A Triumphant “Der Rosenkavalier” at Symphony Hall

Nélida Nassar   10.5.2016

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Der Rosenkavalier (the Knight of the Rose), which is set in 18th century Vienna, is a comedy for music in three acts by Richard Strauss with a libretto by Hugo von Hofmannsthal. It opened in Dresden on 26 January 1911, conducted by Ernst von Schuch and produced by Max Reinhardt. (The Boston premiere took place in 1949). The Marschallin, Princess von Werdenberg, awakens after a night of passion with her young lover Octavian, Count Rofrano. Her cousin, Baron Ochs von Lerchenau, enters the room to announce his marriage to the young and beautiful Sophie von Faninal. According to tradition, he should engage a nobleman as a courtly rose-bearer to present a silver rose to his beloved. He has entrusted this task to Octavian. The latter fulfills his duty, but he falls under the spell of the baron’s fiancée and devises a scheme to wrest her from his rival.

The magic of Strauss’s opera came back to life under the baton of Andris Nelsons leading the Boston Symphony Orchestra. A lyrical masterpiece, this mesmerizing tribute to the grace and the spirit of the Vienna of Empress Maria Theresa and Mozart is also a timeless hymn to love. In this performance, attention was paid to every detail, and the characters formed an admirably balanced ensemble, a beautiful example of which was seen in the exchange of glances between Sophie and Octavian as they breathed in the scent of the rose. The minimalist setting consisted of only a Récamier, a few chairs and a side table. Der Rosenkavalier is one of those operas that always seems to attract a talented cast; mediocre productions are rarely seen in major concert halls or opera houses. While the production deserves much praise in this case, the real draw was the enviably high quality of the soloists: soprano Renée Fleming as the Marschallin, mezzo-soprano Susan Graham as Octavian, soprano Erin Morley as Sophie, and bass Franz Hawlata as Ochs.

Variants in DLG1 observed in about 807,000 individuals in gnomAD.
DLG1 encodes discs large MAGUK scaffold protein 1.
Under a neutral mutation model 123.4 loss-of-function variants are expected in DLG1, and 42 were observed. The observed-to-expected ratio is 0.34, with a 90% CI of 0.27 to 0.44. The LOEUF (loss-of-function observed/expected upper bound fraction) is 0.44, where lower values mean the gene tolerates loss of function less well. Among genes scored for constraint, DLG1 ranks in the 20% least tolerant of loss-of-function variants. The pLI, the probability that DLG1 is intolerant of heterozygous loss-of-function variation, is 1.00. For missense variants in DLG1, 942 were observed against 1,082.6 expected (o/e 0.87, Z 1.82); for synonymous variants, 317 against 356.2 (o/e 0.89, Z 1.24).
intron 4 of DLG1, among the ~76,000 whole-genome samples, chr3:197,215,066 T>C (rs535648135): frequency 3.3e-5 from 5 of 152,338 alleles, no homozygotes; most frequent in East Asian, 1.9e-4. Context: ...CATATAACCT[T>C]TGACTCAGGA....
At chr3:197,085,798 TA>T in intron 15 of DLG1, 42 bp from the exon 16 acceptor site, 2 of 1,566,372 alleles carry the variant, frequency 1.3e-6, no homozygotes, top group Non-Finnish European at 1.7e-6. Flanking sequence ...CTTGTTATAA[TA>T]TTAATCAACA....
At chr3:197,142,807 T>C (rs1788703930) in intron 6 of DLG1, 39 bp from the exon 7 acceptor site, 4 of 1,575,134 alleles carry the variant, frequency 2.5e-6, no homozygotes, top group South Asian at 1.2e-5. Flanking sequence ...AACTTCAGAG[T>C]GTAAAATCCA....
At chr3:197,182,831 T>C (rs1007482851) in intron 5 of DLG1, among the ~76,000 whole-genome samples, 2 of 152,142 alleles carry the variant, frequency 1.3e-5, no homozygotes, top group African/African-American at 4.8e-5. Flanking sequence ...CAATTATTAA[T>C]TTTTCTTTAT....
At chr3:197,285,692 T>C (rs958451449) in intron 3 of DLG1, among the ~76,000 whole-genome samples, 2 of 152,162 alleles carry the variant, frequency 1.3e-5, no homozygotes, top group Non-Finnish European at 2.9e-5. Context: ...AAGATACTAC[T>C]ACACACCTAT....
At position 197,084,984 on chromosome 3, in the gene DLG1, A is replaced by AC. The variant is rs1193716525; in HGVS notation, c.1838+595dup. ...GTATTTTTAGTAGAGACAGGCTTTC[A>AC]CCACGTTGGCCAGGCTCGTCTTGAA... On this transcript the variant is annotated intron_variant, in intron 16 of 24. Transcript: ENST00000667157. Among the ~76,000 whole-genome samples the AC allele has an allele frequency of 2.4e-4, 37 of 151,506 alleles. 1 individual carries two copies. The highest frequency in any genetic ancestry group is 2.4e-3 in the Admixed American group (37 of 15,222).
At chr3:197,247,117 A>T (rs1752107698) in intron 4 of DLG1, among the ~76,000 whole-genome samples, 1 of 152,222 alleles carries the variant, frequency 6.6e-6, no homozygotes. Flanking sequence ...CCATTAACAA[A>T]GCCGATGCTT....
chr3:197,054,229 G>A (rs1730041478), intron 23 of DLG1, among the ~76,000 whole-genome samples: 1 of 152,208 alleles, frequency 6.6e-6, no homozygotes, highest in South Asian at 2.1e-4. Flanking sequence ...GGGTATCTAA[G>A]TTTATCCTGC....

Fleming debuted as the Marschallin in 1995, and it has become one of her signature roles. Her conception of the character of the Marschallin is that of a woman in the prime of life, bright, open to new possibilities, exuding great authority – not a woman already mature, somewhat maternal who has distanced herself from her surroundings, as fenatu other interpreters present her. What characterizes this Marschallin is energy, expressed, for example, in a strong voice which can easily assume a commanding tone (especially in Act III vis à vis Ochs). We of course perceived that, but there was much more in the same vein. Her inflections conveyed a renewed attention to detail, while always remaining in the service of expressiveness and establishing the appropriate tone. This combination of accuracy and poise is rare. Undoubtedly one of today’s best Marschallins, Fleming would stand out wherever she sang, but here one detected a real difference from her other performances. I believe this is because of the conductor. Nelsons pays unusually close attention to the relationship between text and music, allowing the singer – whom he follows step by step – to engage closely with the language and to coordinate her inflections with the orchestra in such a way that the latter, too, seems to breathe with each syllable. Der Rosenkavalier, moreover, owes much to musical comedy, where the dialogue (or monologue) requires not just close attention, but also vitality and natural expression, along with the awareness that there are moments when the words should lead the score.

Rarely have we heard such virtuosity in the Marschallin’s first act monologue, where, in a symphony of colors, the emotion she expresses moves from sarcasm, irony, and bitterness to resignation. The vividness of Fleming’s reaction to the departure of Octavian underscores her heart’s uncertainties as well as the character’s inner contradictions. Fleming’s interpretation is of a rare depth and intelligence, invoking the urgency and naturalness of the theatre at its most intense. Her timber can either whisper or impose; there is nothing metallic or bitter in it, but it can still express triumph. The final trio, where Nelsons adopts a broad tempo, allows the three voices to surrender effortlessly to pure music. It is an amazing trine displaying both exquisite harmony and emotional dynamism of rare intensity.